Over the last 20 years, Winston-Salem’s downtown has boomed with new businesses in retrofitted buildings, and apartments taking the place of warehouses. But the population growth has come with a rise in crime. Police hope a new fourth district will help address the problem.

Captain Jason Gates has been with the Winston-Salem Police Department for more than 20 years. Standing on the corner of Seventh and Trade streets, he recalls when the center of the city was a lot quieter.

"I remember working this downtown beat as a patrol officer from 2006 to 2008," he says. "And a lot of these buildings back then were vacant. But now it's got a lot of restaurants, and nightlife, coffee shops. And it's just an amazing growth."

But that comes with a cost. In February of 2023, downtown stakeholders met with police to discuss crime in the area. The meeting had been called after two people were shot to death on Burke Street.

The message was clear from that meeting: People wanted more officers downtown, and more engagement from those who were there.

Gates says those concerns were the main drivers of a new patrol district that will be known as District 4.

"Having more officers out in the field, being visible, you know, being able to interact with the public is going to enhance our ability to fight crime out here," he says. 

Vivian Joiner understands what it means to be short-staffed. She was part of the first wave of the downtown revival. Joiner and her partner Stephanie Tyson started Sweet Potatoes restaurant on Trade Street in 2003, years before the area attracted a thriving nightlife.

Like many employers, she’s been having trouble finding workers to staff her restaurant. So she understands the challenges police face in trying to keep up the ranks — which currently stand at just under 100 vacancies.

"The fact that they are finding innovative ways to keep moving and keep growing and adapting to what’s around, I’m happy with it,” she says. 

Joiner sees the new district as a way to concentrate the personnel the department has in places where they’re most needed.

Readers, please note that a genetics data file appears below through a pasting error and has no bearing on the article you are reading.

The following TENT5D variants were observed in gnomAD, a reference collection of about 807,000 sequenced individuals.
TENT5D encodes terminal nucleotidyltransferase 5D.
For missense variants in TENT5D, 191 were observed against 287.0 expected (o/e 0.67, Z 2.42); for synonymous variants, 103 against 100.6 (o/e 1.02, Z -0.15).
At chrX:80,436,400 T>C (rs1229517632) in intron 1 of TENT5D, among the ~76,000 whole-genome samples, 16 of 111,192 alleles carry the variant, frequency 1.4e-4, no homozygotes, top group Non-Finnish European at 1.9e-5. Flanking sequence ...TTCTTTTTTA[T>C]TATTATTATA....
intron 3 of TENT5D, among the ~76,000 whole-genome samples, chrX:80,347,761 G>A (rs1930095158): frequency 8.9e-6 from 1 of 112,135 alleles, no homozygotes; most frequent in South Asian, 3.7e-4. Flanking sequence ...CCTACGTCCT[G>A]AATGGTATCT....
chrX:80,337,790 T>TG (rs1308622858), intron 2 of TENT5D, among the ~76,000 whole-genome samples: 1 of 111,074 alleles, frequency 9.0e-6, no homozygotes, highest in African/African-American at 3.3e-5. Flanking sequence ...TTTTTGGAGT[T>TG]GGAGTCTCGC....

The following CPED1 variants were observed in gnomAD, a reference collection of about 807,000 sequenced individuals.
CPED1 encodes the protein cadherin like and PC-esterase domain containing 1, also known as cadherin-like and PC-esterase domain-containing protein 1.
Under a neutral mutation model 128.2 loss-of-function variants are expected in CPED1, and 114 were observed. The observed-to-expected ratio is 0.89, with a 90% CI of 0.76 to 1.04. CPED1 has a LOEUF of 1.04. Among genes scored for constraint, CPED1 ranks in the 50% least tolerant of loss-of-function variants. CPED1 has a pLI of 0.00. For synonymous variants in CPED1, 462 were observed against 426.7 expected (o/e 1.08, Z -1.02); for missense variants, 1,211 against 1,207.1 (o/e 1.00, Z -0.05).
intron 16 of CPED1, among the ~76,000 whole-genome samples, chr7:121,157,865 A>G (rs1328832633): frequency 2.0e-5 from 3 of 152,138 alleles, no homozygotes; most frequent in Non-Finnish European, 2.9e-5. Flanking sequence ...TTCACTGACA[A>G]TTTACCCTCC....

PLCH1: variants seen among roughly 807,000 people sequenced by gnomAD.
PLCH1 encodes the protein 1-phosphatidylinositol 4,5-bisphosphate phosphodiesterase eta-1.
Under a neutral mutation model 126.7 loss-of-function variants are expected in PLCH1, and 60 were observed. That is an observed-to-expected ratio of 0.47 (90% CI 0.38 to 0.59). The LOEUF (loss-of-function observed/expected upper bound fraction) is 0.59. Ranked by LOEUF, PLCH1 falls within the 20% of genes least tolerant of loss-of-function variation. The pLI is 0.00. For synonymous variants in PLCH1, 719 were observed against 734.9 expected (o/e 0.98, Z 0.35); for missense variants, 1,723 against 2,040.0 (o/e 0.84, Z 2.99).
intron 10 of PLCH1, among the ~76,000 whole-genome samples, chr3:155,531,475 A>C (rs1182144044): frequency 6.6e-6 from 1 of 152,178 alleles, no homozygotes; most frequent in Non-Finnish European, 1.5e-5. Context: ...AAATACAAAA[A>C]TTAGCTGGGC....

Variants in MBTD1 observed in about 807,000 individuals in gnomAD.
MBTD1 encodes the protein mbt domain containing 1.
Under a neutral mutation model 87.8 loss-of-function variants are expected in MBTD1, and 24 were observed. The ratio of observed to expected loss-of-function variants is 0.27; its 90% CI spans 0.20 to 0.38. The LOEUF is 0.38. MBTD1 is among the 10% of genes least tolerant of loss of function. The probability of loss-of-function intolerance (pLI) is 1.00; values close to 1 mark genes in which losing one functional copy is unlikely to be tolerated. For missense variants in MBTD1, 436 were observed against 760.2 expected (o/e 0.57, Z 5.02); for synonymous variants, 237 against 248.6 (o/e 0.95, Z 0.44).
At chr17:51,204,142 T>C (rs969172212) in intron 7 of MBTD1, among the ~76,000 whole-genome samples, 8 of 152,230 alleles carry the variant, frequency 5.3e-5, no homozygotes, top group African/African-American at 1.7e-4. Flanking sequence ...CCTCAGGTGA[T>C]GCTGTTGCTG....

The new district is shaped like a tall rectangle in the middle of the city. The top boundary is Northwest Boulevard just past the Arts District. Moving south, it goes through historic neighborhoods like Old Salem down to almost Interstate 40. It’s bounded on the west by Peter’s Creek Parkway and on the east by U.S. 52.

Joiner likes that the bike patrol is headquartered close by. And she says the downtown businesses also work together keeping each other informed when problems arise.

“We live in a big city that's really a small town," she says. "And so we have that small-town camaraderie a lot of times. And if there's an issue, we try and take care of it.”

But there are challenges in the new district too.

The Omega House restaurant has been a fixture of Peter’s Creek Parkway for more than 30 years. Jessica Vega’s family has owned it for the last seven.

She says crime has not been a serious problem, but the homeless population has been growing, and that has created issues with panhandling.

"When we took it over in about 2017, it seemed like it really wasn't that bad," she says. "You didn't have them coming in much, asking. But here recently, it's gotten a little worse. So just been since COVID. I guess that's when it really got worse.”

The unhoused can be the source of many police calls because they often have mental health issues. They’re also disproportionately victims of crime.

Captain Gates says the first step is to get those who need help the services they need.

“We're going to ask them if they need help," he says. "So we can get the city resources to come in through Neighborhood Services, to come in and chat with them, because some of them might be veterans, some of them may need our BEAR team, for example, for mental health resources ... but at the same time, you know, it's our job to enforce the law.”

So how does a police district work?

There are currently three in Winston-Salem. Each is led by a captain, has its own substation, and has its own dispatcher to take emergency calls. In District 4, Gates will be the captain. There is no need for a substation as the police headquarters is already downtown. 

As far as staffing, District 4 will neither add new officers or reduce the amount of time officers spend in the current districts. It’s more of a reallocation of resources, says Winston-Salem City Councilwoman Annette Scippio.

"They’ve shifted the workforce around so that there’s equal manpower across all of the four districts,” she says.

Scippio represents the East ward. The district realignment will split police coverage in her area. She’s hoping that the smaller footprint of both districts will make it easier for officers to get to emergencies.

“It's not just for downtown," she says. "It really is for all of the residents in that new district to have better coverage.”

District 4 is scheduled to go into effect in late summer.

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